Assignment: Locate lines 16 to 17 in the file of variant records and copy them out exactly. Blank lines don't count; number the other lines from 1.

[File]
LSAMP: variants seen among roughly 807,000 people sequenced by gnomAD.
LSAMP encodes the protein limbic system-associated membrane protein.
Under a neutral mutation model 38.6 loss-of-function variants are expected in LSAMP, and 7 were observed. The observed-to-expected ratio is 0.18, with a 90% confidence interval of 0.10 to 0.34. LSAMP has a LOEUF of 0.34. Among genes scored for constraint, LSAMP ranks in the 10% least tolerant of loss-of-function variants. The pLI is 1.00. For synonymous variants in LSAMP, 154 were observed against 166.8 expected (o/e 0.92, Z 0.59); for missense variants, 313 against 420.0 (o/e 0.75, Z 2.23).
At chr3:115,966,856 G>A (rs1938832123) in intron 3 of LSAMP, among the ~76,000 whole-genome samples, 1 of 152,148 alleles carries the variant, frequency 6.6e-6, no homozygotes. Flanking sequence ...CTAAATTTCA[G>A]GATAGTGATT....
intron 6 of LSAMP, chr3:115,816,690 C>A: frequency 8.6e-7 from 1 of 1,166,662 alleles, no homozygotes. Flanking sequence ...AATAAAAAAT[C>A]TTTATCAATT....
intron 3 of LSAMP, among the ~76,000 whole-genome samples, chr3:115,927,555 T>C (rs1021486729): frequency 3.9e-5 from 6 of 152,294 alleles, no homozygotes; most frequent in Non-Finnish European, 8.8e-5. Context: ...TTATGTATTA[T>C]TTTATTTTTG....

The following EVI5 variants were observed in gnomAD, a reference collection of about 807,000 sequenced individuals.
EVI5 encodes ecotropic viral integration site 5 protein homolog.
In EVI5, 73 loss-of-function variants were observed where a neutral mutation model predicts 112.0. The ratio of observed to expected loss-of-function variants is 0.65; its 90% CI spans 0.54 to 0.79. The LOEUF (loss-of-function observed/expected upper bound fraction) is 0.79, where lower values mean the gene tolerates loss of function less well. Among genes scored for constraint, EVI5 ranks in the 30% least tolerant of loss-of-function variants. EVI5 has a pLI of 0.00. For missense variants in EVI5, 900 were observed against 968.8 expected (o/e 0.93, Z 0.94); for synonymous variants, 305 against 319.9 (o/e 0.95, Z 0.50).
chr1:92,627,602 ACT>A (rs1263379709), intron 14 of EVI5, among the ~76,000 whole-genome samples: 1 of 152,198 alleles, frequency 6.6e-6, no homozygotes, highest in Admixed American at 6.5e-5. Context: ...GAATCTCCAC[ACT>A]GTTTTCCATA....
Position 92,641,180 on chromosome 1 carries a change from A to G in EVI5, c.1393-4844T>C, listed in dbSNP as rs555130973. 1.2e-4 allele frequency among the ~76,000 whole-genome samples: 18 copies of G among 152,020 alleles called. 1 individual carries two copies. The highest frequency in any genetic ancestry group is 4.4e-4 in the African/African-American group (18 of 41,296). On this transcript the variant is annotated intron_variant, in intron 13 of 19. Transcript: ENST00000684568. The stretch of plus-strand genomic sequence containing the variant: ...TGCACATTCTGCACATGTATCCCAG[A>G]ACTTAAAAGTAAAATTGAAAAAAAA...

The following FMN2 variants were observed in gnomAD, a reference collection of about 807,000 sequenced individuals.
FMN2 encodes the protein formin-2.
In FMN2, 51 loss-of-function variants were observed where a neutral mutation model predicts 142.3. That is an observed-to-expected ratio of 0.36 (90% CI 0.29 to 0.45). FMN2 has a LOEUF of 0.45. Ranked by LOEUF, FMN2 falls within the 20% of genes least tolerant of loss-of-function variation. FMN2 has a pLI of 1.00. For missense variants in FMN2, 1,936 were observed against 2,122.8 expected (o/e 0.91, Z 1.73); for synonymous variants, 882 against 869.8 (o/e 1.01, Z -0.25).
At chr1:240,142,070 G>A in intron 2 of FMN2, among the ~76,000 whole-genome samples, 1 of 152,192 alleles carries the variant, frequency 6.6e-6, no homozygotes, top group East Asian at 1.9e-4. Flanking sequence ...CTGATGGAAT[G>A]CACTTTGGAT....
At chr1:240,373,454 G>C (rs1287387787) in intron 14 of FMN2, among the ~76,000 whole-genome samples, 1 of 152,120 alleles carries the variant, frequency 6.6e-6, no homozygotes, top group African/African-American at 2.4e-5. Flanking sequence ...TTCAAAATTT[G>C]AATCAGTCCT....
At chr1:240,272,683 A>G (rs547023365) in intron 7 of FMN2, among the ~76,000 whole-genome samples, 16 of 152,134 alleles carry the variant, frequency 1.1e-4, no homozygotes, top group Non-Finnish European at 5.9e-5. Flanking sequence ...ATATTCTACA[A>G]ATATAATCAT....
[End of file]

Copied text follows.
At chr1:240,373,454 G>C (rs1287387787) in intron 14 of FMN2, among the ~76,000 whole-genome samples, 1 of 152,120 alleles carries the variant, frequency 6.6e-6, no homozygotes, top group African/African-American at 2.4e-5. Flanking sequence ...TTCAAAATTT[G>C]AATCAGTCCT....
At chr1:240,272,683 A>G (rs547023365) in intron 7 of FMN2, among the ~76,000 whole-genome samples, 16 of 152,134 alleles carry the variant, frequency 1.1e-4, no homozygotes, top group Non-Finnish European at 5.9e-5. Flanking sequence ...ATATTCTACA[A>G]ATATAATCAT....